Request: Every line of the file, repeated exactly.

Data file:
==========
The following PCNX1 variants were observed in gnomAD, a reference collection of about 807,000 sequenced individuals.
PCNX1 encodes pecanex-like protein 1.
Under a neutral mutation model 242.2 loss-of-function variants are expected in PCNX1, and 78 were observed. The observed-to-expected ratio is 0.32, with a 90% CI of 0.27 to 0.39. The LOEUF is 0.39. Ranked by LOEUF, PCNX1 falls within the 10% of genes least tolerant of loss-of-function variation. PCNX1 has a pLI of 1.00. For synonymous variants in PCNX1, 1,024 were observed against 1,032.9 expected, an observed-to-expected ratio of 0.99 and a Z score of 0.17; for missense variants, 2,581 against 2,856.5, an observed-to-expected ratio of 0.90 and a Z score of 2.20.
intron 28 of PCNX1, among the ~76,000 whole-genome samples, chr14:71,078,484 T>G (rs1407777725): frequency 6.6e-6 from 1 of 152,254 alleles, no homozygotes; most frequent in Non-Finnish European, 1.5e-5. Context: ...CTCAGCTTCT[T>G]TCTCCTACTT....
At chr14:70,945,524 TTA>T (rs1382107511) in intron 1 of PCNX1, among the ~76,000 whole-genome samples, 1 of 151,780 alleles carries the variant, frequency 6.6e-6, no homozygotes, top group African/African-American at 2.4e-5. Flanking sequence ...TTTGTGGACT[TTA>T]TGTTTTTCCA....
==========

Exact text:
The following PCNX1 variants were observed in gnomAD, a reference collection of about 807,000 sequenced individuals.
PCNX1 encodes pecanex-like protein 1.
Under a neutral mutation model 242.2 loss-of-function variants are expected in PCNX1, and 78 were observed. The observed-to-expected ratio is 0.32, with a 90% CI of 0.27 to 0.39. The LOEUF is 0.39. Ranked by LOEUF, PCNX1 falls within the 10% of genes least tolerant of loss-of-function variation. PCNX1 has a pLI of 1.00. For synonymous variants in PCNX1, 1,024 were observed against 1,032.9 expected, an observed-to-expected ratio of 0.99 and a Z score of 0.17; for missense variants, 2,581 against 2,856.5, an observed-to-expected ratio of 0.90 and a Z score of 2.20.
intron 28 of PCNX1, among the ~76,000 whole-genome samples, chr14:71,078,484 T>G (rs1407777725): frequency 6.6e-6 from 1 of 152,254 alleles, no homozygotes; most frequent in Non-Finnish European, 1.5e-5. Context: ...CTCAGCTTCT[T>G]TCTCCTACTT....
At chr14:70,945,524 TTA>T (rs1382107511) in intron 1 of PCNX1, among the ~76,000 whole-genome samples, 1 of 151,780 alleles carries the variant, frequency 6.6e-6, no homozygotes, top group African/African-American at 2.4e-5. Flanking sequence ...TTTGTGGACT[TTA>T]TGTTTTTCCA....